At a community park located below, a volunteer bellowed, “Give yourself energy!” as he thrust paper cups filled with blue liquid content into walkers’ paths. Between the bridges named after the 20th century figures, an elderly man in fluorescent coloured sportswear overtook us whilst speed walking and although the walk was not a race, other participants took it upon themselves to engage in spurts of jogging, throughout.

“Here are some gentlemen facing the wall,” a walker with a somehow acerbic sense of humour, declared upon entering a toilet only to find spots occupied at a row of urinals. In the student town of Braamfontein, Talk Radio 702 had a pop-up installation displaying caricatures of Nkosi Johnson, Brenda Fassie, Dr Imtiaz Sooliman, Caster Semenya and Madiba, on the sidewalk. 

The young AIDS activist, singer, Gift of the Givers honcho, Olympian and the country’s first democratically-elected president, had befittingly been acknowledged by the public as icons of the last 25 years!  In her typical inimitable manner, Mabrr’s sketch pleads: “I wanna be loved, I just want to be loved!”  Against yet another Juluka sound blast, this time, Impi, it was as if she was crying out for empathy right at that moment!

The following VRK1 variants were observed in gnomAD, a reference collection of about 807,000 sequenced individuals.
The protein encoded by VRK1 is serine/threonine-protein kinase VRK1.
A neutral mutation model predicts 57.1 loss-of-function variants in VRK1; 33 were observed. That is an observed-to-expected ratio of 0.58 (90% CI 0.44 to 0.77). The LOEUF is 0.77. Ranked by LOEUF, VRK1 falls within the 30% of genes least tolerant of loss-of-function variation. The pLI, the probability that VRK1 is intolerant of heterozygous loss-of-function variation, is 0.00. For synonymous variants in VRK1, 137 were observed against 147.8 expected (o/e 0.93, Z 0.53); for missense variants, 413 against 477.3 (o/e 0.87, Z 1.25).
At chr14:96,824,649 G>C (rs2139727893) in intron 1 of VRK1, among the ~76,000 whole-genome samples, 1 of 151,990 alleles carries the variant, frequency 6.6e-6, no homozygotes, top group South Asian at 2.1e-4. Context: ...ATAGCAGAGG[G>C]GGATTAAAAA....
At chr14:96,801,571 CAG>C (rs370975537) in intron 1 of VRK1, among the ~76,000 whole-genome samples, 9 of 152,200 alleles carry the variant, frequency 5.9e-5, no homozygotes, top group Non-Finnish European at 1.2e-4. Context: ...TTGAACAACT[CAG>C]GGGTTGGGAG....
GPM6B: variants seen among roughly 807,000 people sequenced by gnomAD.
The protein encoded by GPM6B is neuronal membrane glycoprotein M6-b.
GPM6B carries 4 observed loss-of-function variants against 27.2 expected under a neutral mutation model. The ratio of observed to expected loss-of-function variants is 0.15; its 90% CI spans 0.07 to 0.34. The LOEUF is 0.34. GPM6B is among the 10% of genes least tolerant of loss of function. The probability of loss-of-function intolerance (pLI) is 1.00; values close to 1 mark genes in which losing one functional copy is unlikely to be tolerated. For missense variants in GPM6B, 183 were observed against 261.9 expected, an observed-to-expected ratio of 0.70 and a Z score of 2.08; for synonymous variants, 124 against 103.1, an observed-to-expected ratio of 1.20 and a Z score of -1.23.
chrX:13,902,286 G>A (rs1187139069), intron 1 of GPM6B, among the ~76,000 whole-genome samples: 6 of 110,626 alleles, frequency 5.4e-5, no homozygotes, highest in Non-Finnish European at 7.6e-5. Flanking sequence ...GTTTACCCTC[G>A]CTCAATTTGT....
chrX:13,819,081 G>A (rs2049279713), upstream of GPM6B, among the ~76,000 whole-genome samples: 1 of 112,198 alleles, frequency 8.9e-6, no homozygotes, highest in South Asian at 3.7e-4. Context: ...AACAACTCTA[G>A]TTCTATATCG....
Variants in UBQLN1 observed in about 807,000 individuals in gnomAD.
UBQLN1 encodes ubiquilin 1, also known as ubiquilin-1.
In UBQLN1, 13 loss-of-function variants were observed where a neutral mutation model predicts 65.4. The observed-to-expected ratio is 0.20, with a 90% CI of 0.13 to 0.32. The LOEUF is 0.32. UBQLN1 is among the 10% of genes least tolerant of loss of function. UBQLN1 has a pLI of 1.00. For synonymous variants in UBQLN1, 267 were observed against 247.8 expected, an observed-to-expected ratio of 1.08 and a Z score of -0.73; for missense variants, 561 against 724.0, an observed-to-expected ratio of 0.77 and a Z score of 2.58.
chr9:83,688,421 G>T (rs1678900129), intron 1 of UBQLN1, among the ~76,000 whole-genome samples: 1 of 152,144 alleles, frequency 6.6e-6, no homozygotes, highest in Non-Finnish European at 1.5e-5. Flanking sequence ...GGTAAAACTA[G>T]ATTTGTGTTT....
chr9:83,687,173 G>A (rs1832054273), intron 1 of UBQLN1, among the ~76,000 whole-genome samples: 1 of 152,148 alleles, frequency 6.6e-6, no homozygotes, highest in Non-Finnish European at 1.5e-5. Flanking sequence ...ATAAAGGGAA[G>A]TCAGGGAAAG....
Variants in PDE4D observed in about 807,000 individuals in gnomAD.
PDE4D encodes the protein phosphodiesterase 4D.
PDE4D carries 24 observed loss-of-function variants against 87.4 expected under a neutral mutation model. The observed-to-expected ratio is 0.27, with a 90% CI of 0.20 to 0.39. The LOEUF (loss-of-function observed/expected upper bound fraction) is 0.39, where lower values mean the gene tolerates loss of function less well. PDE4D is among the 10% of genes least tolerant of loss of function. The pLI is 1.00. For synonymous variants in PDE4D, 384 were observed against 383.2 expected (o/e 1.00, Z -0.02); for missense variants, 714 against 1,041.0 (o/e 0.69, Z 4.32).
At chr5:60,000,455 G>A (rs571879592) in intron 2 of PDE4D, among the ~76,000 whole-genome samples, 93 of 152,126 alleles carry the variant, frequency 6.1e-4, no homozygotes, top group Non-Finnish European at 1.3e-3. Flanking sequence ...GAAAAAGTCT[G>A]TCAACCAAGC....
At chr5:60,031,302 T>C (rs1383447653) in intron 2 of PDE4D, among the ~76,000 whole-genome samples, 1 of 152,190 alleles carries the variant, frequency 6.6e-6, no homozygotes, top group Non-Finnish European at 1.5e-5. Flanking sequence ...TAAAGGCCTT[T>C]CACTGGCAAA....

Beyond the arch leading into the grounds of the erstwhile notorious Number Four gaol, where giants, the Mahatma Gandhi and Nelson Mandela were once incarcerated, a lady enthusiastically blowing on bubbles exhorted, “We are here at Con Hill, come bring your kids and play!” 

Representing an entity named, Play Africa – that she was engaging in a marketing gimmick of a much lighter nature, was an indication of the progressive evolution the place has undergone.

Passing the 10km mark near the famous Hollard building visible to vehicular traffic from the M1, we descended into omnipresent tranquillity in the form of the wolds with their purple less Jacarandas flanking us for street long stretches from either sides.